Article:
Want to increase employee engagement? Prioritise your line managers’ soft skills
Print Friendly

Want to increase employee engagement? Prioritise your line managers’ soft skills

‘If I had money to invest in one thing, it would be line manager training.’ Dame Carol Black, HR Directors Summit 2015

‘Our line managers are not fit for purpose; they simply don’t have the interpersonal skills.’ Professor Cary Cooper, Why Mental Health Matters 2015

What I find most interesting about these statements is the fact that they’re still being made. The soft skills deficit of the UK’s line managers has been recognised for years. Since the HSE’s 2007 publication on management competencies for reducing employee stress, there have been guidelines to help managers do everything from supporting employees’ return to work to managing conflict. The centrality of line managers to employee engagement and workplace wellbeing, both vital to high performance and productivity, is also well established.

At the same time, poor managerial behaviour has been identified as a major source of absence and is linked to employee disengagement. And yet the problem remains. Why?

‘Our managers just don’t have the skills’

Organisations are not unaware of this soft skills gap. I recently attended an event at a major bank about improving the way mental health problems are handled in the workplace. The goal was to create a climate in which employees feel able to disclose their struggle with a mental health problem and seek help.

One of the senior managers present spoke up and said: ‘our line managers just don’t have the understanding, or the skills, to deal with these issues with the sensitivity that’s needed.’

It’s not just regarding employee mental health where managers’ people skills are lacking, either. A whole range of common work scenarios such as conversations around poor performance, managing returns to work or dealing with a workplace dispute can be a potential minefield for a manager lacking the skills to handle them correctly.

Wilful blindness to problems with organisational culture has a cost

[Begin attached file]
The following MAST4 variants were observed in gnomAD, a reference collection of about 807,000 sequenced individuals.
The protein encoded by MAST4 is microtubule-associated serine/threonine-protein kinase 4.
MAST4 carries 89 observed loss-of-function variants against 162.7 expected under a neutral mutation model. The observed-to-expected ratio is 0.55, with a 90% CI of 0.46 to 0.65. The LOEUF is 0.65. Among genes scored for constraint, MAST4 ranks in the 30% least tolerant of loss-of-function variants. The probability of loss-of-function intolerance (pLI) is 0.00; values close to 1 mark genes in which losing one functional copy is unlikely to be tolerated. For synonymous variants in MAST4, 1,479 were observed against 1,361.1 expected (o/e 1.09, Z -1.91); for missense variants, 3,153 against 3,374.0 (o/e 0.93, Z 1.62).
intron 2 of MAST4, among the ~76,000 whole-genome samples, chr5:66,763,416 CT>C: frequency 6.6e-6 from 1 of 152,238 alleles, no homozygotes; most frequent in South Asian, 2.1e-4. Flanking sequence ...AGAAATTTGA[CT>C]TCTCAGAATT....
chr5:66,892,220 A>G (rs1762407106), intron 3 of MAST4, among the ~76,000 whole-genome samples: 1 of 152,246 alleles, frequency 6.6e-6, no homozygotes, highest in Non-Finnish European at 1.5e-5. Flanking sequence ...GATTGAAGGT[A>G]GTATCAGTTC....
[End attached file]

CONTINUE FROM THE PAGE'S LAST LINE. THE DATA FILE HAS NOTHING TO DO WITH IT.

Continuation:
The repercussions for organisations wilfully ignoring this situation cannot be overestimated. Poor handling of issues or insensitive treatment can irreparably damage levels of trust, respect, engagement and wellbeing; which any HR professional worth their salary will tell you are key determinants of future employee performance.

There are also further implications for corporate wellness programmes. UK spending on employee wellbeing has been increasing year-on-year, with growing numbers of businesses rightly viewing wellbeing as a strategic imperative. These strategies are seriously compromised if the organisation’s managerial tier acts in a way that undermines employee engagement.

Changing the game for manager-employee relations

However, there are things that businesses can do to address the problem, all of which focus on the role of the line manager. Here are three practical steps employers can take to help their managers build and then utilise their soft skills and ultimately boost workplace engagement:

  1. Make soft skills training for your line managers part of the package
    Is interpersonal training something your managers currently receive? If not, introduce mandatory high-quality, soft skills training for current and would-be line managers. This will equip them to build strong relationships at work and help them adopt a more supportive management style. It’s a good idea to incorporate this training into the induction process for first-time managers to help spread best practice through the organisation.
  1. Don’t let a target-focused culture blind you to everything else
    If your business prioritises targets above all else, it will discourage managers from creating time to build up the good team and individual relationships on which strong delivery depends. Place equal emphasis on line manager’s acquisition and their use of the right kinds of behavioural skills. Measuring and rewarding these behaviours through your performance management system will increase the likelihood of creating a more supportive management culture across your organisation.
  1. Think long and hard about your recruitment process
    Do your organisation’s recruitment practices prioritise technical job competencies over people management skills? If your answer is ‘yes’, you’re likely to be creating a managerial cadre that’s ill-equipped to deal with the complex people problems that surface in all businesses. Introduce recruitment processes that actively identify and select for the traits and soft skills found in good line managers. This will make it possible to filter out applicants with poor interpersonal skills.

Applying and refining these measures will go a long way towards helping you create a managerial cohort that’s worthy of your organisation, and of your workforce.